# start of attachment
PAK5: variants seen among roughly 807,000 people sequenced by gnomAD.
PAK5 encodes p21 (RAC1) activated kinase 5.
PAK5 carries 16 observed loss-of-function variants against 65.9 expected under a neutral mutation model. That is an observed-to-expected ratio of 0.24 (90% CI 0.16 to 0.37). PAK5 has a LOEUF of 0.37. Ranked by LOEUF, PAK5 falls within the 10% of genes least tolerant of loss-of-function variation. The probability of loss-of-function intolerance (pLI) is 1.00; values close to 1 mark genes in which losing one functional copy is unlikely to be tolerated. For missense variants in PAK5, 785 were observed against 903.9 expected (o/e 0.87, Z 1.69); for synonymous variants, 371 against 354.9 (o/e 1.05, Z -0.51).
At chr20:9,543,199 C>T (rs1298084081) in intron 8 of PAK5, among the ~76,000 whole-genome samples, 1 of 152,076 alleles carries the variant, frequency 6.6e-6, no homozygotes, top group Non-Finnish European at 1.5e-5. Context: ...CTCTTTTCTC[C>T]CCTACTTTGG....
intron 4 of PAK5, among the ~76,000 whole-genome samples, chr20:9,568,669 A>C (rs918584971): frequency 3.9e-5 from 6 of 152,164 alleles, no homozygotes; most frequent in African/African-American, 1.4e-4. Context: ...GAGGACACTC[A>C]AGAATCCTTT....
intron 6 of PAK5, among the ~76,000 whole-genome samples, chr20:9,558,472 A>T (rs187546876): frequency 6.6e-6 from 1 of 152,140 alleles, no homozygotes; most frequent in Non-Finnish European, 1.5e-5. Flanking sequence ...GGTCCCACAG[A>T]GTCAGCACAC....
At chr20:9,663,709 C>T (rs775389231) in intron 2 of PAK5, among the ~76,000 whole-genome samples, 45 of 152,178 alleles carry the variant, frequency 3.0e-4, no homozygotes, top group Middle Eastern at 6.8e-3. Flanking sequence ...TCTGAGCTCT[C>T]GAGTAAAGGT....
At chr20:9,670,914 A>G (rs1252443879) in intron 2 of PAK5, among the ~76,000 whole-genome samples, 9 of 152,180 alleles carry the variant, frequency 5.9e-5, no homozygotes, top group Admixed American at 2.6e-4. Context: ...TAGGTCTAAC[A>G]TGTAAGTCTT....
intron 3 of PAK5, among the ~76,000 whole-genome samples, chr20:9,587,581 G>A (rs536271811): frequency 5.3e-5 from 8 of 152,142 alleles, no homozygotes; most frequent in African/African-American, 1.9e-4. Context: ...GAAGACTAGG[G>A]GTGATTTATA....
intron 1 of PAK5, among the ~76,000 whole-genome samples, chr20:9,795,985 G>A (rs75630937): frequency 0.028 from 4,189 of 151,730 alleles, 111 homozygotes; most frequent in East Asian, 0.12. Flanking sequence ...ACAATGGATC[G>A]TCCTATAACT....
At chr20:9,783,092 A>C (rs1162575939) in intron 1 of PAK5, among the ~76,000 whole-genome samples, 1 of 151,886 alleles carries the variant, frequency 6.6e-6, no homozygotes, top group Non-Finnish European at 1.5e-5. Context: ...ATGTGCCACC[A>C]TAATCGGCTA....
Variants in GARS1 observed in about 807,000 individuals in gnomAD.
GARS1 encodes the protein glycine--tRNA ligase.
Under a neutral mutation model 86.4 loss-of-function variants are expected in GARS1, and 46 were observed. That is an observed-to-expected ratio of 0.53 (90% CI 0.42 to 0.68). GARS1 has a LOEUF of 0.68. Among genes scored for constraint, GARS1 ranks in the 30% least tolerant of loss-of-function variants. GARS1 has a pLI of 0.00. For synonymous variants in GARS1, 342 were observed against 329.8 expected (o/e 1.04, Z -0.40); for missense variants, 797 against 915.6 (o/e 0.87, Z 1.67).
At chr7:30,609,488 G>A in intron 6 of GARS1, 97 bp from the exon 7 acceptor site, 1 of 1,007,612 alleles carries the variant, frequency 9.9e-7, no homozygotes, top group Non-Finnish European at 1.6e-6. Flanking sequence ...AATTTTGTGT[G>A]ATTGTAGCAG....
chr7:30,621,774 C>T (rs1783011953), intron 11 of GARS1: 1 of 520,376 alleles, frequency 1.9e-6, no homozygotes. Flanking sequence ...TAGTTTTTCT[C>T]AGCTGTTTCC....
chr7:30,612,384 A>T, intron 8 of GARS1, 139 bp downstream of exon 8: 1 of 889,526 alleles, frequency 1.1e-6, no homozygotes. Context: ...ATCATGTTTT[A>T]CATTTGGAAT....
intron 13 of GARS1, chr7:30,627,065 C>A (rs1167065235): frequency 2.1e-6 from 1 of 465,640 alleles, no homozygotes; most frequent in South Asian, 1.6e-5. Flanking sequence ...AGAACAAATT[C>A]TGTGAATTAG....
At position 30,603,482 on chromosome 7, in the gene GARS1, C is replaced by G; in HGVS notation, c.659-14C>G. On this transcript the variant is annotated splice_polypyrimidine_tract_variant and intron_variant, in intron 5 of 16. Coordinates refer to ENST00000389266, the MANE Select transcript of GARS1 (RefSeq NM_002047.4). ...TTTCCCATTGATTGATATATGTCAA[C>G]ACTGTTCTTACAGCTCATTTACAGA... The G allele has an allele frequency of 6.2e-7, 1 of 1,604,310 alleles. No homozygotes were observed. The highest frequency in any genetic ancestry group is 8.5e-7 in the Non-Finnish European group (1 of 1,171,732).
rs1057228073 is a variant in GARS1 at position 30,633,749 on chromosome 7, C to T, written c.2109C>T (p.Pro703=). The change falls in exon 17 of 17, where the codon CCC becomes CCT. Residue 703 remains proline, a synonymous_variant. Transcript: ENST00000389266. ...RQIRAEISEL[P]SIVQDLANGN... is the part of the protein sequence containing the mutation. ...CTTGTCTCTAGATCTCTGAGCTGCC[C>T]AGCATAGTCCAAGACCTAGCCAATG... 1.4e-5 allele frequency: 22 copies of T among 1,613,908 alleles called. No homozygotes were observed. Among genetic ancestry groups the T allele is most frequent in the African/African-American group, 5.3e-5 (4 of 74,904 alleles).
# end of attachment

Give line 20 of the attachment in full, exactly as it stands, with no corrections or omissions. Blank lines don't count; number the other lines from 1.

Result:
rs1057228073 is a variant in GARS1 at position 30,633,749 on chromosome 7, C to T, written c.2109C>T (p.Pro703=). The change falls in exon 17 of 17, where the codon CCC becomes CCT. Residue 703 remains proline, a synonymous_variant. Transcript: ENST00000389266. ...RQIRAEISEL[P]SIVQDLANGN... is the part of the protein sequence containing the mutation. ...CTTGTCTCTAGATCTCTGAGCTGCC[C>T]AGCATAGTCCAAGACCTAGCCAATG... 1.4e-5 allele frequency: 22 copies of T among 1,613,908 alleles called. No homozygotes were observed. Among genetic ancestry groups the T allele is most frequent in the African/African-American group, 5.3e-5 (4 of 74,904 alleles).